Proposed sale of grain elevators raises concerns

Missouri Farm Bureau sounds alarm on sale of Bunge elevators to Zen-Noh in ongoing consolidation in Missouri and Arkansas.

Jacqui Fatka, Policy editor

September 21, 2020

2 Min Read
Proposed sale of grain elevators raises concerns
Daniel Stein/iStock/Thinkstock

The recent announcement of the sale of 35 operating U.S. grain origination elevators along the Mississippi River from Bunge North America Inc. to Zen-Noh Grain Corp. (ZGC), a subsidiary of the National Federation of Agricultural Cooperative Associations of Japan, has caused great frustration and concern for members of the Missouri Farm Bureau.

ZGC affiliate CGB Enterprises Inc. (CGB) will operate the acquired facilities through its wholly owned subsidiary, Consolidated Grain & Barge Co. CGB currently operates more than 100 grain origination facilities in the U.S. “This acquisition dramatically increases ZGC’s presence and origination footprint in the U.S.,” the Missouri Farm Bureau said in an action alert to its members.

Of specific concern to its members is a 140-mile stretch of the lower Mississippi River from Dorena, Mo., to Osceola, Ark. There are 21 grain terminals along that path, and two of those terminals access only rice.

If the Bunge/ZGC sale is allowed to proceed, CGB will own 12 of the 19 remaining grain terminals that access corn, soybeans, wheat and grain sorghum. On the west side of the Mississippi River, there will now be seven consecutive CGB grain terminals in a row covering 92 miles of river.

In the 1990s, Cargill purchased the assets of Continental Grain Co. along part of this same stretch of river. The U.S. Department of Justice ruled in the case (Civil No. 99-1875) United States vs. Cargill Incorporated (Cargill) & Continental Grain Company (Continental) that Cargill could not buy a Continental facility, nor could the facility be bought by Bunge because it was already a major buyer in the local market. In this instance, there would have been three consecutive grain terminals on the west bank of the Mississippi River. If the Bunge sale to ZGC is allowed, there would be seven consecutive terminals owned by the same company.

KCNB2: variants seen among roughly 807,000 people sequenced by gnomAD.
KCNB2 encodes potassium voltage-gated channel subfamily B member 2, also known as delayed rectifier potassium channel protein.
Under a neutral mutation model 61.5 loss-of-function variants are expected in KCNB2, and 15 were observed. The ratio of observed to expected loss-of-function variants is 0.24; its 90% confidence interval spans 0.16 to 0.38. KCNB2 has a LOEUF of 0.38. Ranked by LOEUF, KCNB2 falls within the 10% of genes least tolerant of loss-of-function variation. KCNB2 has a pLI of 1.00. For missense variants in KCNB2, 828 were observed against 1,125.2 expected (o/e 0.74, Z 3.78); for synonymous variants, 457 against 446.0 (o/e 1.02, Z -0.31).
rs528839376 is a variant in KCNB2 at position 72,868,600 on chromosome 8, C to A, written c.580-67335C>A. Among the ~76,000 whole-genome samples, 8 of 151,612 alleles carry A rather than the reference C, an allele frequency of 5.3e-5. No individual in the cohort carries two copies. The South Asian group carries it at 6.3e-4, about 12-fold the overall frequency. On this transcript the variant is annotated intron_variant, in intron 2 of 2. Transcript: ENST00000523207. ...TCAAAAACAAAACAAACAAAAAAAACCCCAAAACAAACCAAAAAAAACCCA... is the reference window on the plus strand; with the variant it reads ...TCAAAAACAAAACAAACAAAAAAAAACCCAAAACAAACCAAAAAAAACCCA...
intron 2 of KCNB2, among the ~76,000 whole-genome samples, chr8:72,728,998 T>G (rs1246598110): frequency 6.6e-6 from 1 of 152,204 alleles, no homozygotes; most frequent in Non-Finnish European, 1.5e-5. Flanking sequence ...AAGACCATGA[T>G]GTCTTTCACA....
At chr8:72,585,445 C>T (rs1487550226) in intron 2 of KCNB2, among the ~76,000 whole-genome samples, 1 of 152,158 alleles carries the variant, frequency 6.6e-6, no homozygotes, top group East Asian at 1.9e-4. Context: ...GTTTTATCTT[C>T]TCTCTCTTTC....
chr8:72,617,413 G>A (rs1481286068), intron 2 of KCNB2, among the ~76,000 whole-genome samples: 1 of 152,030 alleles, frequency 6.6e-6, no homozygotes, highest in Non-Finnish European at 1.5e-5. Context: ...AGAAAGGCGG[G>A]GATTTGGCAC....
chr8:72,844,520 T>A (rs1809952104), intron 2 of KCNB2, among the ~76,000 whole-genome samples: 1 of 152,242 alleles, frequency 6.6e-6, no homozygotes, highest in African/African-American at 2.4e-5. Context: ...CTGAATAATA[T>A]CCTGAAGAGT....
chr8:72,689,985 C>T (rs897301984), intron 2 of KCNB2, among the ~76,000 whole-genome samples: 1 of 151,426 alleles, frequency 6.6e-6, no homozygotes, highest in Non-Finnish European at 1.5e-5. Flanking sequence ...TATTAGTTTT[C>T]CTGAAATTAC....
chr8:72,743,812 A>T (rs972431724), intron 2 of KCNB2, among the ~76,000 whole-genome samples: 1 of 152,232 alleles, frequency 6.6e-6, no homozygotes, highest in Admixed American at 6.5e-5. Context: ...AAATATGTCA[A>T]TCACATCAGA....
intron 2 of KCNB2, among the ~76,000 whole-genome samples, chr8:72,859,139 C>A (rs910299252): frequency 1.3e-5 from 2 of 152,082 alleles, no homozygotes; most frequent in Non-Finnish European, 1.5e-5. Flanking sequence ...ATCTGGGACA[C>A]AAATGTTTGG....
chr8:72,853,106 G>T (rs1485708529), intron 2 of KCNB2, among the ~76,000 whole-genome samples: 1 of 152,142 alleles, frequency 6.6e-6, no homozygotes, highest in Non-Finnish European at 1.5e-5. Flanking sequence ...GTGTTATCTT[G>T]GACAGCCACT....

Related:Zen-Noh Grain acquires Bunge's Mississippi River grain elevators

“This purchase will forever change the shape of the grain markets in southeast Missouri and northeast Arkansas,” the Missouri Farm Bureau said.

The action alert urged members to contact their national representatives and senators to insist that the sale be placed on hold until the impacts are properly vetted.

A form letter that can be sent to members of Congress states: “This consolidation and deterioration in available markets to farmers will change the shape of grain markets in southeast Missouri as well as other states. I ask your assistance in making the relevant agencies aware of this proposal and ask that it be placed on hold until the agencies have had an opportunity to analyze the impacts of the purchase and can provide assurances this consolidation will not harm farmers in any of the impacted states.”

About the Author(s)

Jacqui Fatka

Policy editor, Farm Futures

Jacqui Fatka grew up on a diversified livestock and grain farm in southwest Iowa and graduated from Iowa State University with a bachelor’s degree in journalism and mass communications, with a minor in agriculture education, in 2003. She’s been writing for agricultural audiences ever since. In college, she interned with Wallaces Farmer and cultivated her love of ag policy during an internship with the Iowa Pork Producers Association, working in Sen. Chuck Grassley’s Capitol Hill press office. In 2003, she started full time for Farm Progress companies’ state and regional publications as the e-content editor, and became Farm Futures’ policy editor in 2004. A few years later, she began covering grain and biofuels markets for the weekly newspaper Feedstuffs. As the current policy editor for Farm Progress, she covers the ongoing developments in ag policy, trade, regulations and court rulings. Fatka also serves as the interim executive secretary-treasurer for the North American Agricultural Journalists. She lives on a small acreage in central Ohio with her husband and three children.

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